While TMT may not be the brightest light that we view ourselves in, there are still some takeaways that can, at the very least, expand our perceptions on society’s inner workings. When looking at in/out-group differences, we can take this viewpoint and see that prejudice and out-group hatred may be due to an internal anxiety around our own mortality creating the need for reassurance that our “tribe” is correct, and this reframes conflict as defensive rather than assimilatory. Viewing the value of cultural differences as differing adaptations to mortality salience can help combat the natural bias of certain groups being “right” or “wrong”. Diffusion of stereotypes by challenging them and taking context can bring relief to societal perceptions, as it serves as a counter to our anxious assumptions.

An additional implication from the findings relates to how messages can be more effectively communicated on a broad societal level by focusing on what has been suggested to be more effective. To take an example of research done using TMT principles in relation to anti-smoking campaigns, we can see that focus on the social exclusion that may happen due to smoking may be more effective in actual recession than discussing long-term consequences. This is due to the social influences on the individual in the present day having far more impact than a future hypothetical risk would.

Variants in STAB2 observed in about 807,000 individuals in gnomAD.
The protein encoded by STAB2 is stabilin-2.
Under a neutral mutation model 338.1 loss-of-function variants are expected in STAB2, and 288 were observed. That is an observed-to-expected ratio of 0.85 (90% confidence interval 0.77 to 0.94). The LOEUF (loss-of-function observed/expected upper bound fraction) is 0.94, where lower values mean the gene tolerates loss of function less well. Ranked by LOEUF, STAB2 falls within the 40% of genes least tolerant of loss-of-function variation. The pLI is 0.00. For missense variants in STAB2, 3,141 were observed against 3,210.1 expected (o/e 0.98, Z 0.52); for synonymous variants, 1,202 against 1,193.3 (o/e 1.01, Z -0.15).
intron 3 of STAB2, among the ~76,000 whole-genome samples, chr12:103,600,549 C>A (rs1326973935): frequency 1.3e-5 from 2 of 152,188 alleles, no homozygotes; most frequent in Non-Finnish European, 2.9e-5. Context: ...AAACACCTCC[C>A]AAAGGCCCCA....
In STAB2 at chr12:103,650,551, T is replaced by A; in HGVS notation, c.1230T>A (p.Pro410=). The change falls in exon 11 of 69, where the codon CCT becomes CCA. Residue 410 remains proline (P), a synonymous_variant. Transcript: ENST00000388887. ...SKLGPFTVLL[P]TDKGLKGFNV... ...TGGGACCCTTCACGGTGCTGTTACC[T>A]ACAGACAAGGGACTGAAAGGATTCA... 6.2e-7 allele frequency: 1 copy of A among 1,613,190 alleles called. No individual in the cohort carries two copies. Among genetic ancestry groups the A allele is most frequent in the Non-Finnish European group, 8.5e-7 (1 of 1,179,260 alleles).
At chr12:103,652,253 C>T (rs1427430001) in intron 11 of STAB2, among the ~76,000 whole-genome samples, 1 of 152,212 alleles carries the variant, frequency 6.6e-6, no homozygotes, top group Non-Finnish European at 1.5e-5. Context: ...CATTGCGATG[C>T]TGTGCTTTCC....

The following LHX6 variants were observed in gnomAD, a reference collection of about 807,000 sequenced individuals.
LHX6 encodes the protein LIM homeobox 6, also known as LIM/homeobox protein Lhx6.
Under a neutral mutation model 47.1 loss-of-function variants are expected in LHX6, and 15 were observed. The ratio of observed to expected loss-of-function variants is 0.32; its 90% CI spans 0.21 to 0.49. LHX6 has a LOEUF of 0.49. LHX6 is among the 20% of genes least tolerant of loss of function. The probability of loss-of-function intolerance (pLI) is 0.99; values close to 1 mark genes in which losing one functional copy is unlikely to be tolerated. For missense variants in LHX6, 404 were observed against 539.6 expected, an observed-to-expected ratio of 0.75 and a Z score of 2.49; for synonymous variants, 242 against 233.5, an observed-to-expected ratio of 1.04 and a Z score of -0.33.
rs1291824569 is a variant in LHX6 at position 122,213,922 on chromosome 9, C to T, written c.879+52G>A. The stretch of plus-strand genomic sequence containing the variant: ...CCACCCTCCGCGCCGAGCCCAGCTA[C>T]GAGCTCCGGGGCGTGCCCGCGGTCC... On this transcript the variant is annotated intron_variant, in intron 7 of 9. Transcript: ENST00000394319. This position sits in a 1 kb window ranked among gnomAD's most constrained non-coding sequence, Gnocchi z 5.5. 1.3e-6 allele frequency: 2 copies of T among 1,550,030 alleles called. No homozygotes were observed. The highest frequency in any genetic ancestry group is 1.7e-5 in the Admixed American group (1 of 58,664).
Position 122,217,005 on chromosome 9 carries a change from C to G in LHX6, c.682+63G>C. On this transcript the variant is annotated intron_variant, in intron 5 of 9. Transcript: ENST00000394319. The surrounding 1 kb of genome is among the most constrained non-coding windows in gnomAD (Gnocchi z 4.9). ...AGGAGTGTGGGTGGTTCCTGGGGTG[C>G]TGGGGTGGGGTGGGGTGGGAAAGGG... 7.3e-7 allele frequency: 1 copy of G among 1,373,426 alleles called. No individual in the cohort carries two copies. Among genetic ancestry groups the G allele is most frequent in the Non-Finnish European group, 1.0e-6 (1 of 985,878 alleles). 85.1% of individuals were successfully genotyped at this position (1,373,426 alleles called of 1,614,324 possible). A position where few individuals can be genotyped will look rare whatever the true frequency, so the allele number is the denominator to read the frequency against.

A handful of psychologists have argued against the theory, countering that the fear of death cannot solely be seen as the single driving factor to life and rather views it as one of countless confounding influences. A great deal of critiques on the topic argue overemphasis on the influence of mortality salience specifically, and counter that results were not based on concrete findings with skepticism that more researcher bias was involved in the study than actual valid data.